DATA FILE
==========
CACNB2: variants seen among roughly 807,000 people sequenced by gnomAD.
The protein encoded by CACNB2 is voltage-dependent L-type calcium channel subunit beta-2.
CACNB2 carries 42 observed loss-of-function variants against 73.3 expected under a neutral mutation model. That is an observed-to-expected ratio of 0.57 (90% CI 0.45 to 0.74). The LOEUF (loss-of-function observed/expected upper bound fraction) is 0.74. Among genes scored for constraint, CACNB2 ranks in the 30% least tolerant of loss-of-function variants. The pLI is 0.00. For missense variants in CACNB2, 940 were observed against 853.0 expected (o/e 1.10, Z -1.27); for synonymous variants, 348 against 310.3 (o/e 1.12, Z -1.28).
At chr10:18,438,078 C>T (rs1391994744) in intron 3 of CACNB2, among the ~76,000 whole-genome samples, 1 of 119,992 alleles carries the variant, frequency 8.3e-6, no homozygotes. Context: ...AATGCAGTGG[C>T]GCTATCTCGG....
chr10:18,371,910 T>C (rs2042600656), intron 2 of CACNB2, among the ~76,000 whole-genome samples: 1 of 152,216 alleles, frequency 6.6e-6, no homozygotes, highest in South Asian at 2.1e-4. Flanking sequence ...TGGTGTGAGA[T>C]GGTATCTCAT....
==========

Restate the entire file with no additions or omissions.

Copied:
CACNB2: variants seen among roughly 807,000 people sequenced by gnomAD.
The protein encoded by CACNB2 is voltage-dependent L-type calcium channel subunit beta-2.
CACNB2 carries 42 observed loss-of-function variants against 73.3 expected under a neutral mutation model. That is an observed-to-expected ratio of 0.57 (90% CI 0.45 to 0.74). The LOEUF (loss-of-function observed/expected upper bound fraction) is 0.74. Among genes scored for constraint, CACNB2 ranks in the 30% least tolerant of loss-of-function variants. The pLI is 0.00. For missense variants in CACNB2, 940 were observed against 853.0 expected (o/e 1.10, Z -1.27); for synonymous variants, 348 against 310.3 (o/e 1.12, Z -1.28).
At chr10:18,438,078 C>T (rs1391994744) in intron 3 of CACNB2, among the ~76,000 whole-genome samples, 1 of 119,992 alleles carries the variant, frequency 8.3e-6, no homozygotes. Context: ...AATGCAGTGG[C>T]GCTATCTCGG....
chr10:18,371,910 T>C (rs2042600656), intron 2 of CACNB2, among the ~76,000 whole-genome samples: 1 of 152,216 alleles, frequency 6.6e-6, no homozygotes, highest in South Asian at 2.1e-4. Flanking sequence ...TGGTGTGAGA[T>C]GGTATCTCAT....